SIMON v. The STATE.
Convicted by a jury of robbery by intimidation (OCGA § 16–8–40(a)(2)) as a lesser included offense of armed robbery (OCGA § 16–8–41(a)), Isaac Simon appeals from the denial of his motion for new trial, contending that the evidence was insufficient to sustain his conviction.1 For the reasons that follow, we reverse.
“On appeal of a criminal conviction, the defendant no longer enjoys the presumption of innocence, and we view the evidence in the light most favorable to the verdict to determine if the evidence was sufficient for a rational trier of fact to find the defendant guilty beyond a reasonable doubt.” (Citation omitted.) Smith v. State, 247 Ga.App. 173, 543 S.E.2d 434 (2000).
So viewed, the evidence shows that Geraldine Jones owned the Poulan Grocery Store in Poulan, Georgia, and she and her husband, Gene, were working there on December 2, 1998. Gene was outside smoking and Geraldine was in the back of the store putting a delivery away when she heard a racket coming from the cash register. Geraldine turned and saw Simon standing at the cash register. Geraldine approached Simon and asked him what he was doing. Simon came around the counter and announced a holdup. Geraldine thought Simon had a gun. Geraldine threw some bags at Simon, and Simon lunged at her. Geraldine and Simon began wrestling, and Geraldine called for Gene to help.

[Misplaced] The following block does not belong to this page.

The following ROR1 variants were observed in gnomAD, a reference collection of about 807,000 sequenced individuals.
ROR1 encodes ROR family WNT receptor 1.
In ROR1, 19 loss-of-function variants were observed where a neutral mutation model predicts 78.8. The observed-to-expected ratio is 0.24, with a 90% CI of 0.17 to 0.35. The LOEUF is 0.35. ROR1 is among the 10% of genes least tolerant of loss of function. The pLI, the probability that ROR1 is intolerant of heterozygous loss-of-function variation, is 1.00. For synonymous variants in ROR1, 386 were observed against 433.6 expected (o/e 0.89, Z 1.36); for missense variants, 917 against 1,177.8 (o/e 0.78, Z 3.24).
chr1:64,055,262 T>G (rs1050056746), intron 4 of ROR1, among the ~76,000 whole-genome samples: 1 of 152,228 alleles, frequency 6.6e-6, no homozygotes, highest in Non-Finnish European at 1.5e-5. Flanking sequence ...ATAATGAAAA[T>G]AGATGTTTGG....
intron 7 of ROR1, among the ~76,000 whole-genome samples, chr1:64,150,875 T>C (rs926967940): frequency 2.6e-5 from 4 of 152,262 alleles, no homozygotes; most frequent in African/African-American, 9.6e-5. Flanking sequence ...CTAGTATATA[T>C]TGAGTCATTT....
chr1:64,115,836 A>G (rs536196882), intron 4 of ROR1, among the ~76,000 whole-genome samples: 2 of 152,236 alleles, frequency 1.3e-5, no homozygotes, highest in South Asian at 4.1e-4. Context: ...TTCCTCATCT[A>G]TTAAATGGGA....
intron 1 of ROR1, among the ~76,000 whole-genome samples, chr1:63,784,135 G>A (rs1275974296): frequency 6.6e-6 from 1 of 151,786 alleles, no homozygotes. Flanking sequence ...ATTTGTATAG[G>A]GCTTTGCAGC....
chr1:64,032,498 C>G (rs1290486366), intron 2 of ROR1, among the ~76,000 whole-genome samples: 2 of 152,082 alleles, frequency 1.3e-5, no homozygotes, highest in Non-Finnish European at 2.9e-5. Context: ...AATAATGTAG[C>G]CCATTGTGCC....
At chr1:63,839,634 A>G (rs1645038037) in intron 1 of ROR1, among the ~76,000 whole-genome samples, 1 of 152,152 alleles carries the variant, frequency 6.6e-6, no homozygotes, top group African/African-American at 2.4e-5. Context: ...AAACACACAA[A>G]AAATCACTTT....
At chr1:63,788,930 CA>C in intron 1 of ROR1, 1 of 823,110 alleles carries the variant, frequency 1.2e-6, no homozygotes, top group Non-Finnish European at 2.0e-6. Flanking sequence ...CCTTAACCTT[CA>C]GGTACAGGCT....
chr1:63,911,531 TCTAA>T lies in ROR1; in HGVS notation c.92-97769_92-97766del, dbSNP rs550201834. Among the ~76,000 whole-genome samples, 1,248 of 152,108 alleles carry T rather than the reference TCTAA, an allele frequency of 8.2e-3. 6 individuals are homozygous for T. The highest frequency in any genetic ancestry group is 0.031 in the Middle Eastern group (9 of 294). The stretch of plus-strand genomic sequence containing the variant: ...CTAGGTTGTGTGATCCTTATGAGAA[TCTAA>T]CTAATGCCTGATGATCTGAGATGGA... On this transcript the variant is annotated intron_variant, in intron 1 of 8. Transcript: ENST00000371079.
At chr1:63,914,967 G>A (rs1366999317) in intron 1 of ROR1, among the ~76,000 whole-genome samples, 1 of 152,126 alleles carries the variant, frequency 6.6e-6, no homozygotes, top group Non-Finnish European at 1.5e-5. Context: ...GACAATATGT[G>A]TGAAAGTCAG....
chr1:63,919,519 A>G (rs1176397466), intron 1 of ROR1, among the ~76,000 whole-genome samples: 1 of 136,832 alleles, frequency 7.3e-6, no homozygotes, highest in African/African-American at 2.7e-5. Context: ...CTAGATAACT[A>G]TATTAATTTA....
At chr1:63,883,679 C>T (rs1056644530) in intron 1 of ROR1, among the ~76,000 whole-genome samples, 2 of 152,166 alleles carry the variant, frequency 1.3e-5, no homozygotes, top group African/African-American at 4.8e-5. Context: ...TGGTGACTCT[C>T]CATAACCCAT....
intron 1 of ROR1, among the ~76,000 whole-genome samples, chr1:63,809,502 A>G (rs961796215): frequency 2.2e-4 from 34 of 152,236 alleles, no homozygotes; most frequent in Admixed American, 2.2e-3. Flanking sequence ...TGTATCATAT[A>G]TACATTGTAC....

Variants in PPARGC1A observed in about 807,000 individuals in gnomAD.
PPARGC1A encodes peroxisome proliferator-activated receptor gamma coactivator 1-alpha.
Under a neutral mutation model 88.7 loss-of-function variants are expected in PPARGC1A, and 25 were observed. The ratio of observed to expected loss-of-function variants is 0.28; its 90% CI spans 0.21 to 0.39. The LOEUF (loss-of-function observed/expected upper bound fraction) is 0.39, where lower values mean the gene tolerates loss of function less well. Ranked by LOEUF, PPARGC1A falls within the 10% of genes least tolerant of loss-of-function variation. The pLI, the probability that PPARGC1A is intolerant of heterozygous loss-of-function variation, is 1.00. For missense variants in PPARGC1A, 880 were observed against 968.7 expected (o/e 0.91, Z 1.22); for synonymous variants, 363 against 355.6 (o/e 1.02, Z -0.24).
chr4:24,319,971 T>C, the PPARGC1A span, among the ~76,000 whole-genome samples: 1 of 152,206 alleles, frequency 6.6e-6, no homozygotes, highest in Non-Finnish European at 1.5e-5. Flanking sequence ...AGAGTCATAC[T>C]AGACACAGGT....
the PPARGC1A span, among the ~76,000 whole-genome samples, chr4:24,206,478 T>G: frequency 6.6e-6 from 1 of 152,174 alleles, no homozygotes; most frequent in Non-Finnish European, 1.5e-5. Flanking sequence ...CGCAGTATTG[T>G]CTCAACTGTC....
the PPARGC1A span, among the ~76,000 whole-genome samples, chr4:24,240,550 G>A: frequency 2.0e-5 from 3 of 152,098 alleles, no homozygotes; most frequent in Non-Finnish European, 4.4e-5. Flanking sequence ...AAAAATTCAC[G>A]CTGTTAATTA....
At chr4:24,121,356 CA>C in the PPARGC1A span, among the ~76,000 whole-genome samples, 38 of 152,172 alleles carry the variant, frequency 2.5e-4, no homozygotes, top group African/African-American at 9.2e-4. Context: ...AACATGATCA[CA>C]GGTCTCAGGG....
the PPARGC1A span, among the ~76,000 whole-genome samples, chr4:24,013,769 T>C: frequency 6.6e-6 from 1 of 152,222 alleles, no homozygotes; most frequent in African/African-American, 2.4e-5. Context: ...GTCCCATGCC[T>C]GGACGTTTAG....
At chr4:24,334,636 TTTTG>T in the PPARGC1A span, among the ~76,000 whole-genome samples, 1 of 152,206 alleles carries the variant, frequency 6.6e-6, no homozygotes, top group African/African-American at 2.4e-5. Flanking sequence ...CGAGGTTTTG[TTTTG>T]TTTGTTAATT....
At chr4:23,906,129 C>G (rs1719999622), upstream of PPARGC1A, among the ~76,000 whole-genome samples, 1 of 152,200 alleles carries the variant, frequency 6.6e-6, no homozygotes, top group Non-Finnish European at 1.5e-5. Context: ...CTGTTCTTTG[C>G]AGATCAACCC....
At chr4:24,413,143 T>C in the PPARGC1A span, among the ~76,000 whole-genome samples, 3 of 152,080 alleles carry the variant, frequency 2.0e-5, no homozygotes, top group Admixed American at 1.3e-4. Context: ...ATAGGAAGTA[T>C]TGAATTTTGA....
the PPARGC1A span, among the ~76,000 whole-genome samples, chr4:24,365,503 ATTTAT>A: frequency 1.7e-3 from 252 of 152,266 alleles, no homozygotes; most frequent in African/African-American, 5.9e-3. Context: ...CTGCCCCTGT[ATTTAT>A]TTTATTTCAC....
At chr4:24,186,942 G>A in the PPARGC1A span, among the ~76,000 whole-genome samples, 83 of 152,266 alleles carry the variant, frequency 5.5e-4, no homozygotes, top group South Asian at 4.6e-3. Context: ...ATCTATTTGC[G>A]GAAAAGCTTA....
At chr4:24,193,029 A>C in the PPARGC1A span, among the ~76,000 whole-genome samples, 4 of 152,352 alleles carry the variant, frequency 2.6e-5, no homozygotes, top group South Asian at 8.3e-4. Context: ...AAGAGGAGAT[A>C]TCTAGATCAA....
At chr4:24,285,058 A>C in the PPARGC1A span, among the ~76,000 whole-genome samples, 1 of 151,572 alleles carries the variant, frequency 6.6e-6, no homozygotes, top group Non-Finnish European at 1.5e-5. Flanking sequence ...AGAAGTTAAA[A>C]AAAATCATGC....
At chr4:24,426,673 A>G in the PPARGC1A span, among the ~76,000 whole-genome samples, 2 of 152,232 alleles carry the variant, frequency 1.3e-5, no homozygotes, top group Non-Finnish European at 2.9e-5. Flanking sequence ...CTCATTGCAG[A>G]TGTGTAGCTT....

When Gene came inside the store, Simon turned Geraldine loose. Simon then backed up, clasped his hands like he had a weapon, and threatened to kill Gene. Gene reached for Simon with his left hand, however, Simon hit Gene's arm and ran out through the back of the store. Gene ran after Simon and saw Simon get into a black vehicle with another male. Gene came back into the store and told Geraldine to call the police. Geraldine described the incident to dispatch, provided a description of Simon and the getaway vehicle, and gave the direction that Simon was heading. Meanwhile, Gene got into his vehicle and followed Simon for a few blocks but was unable to catch him.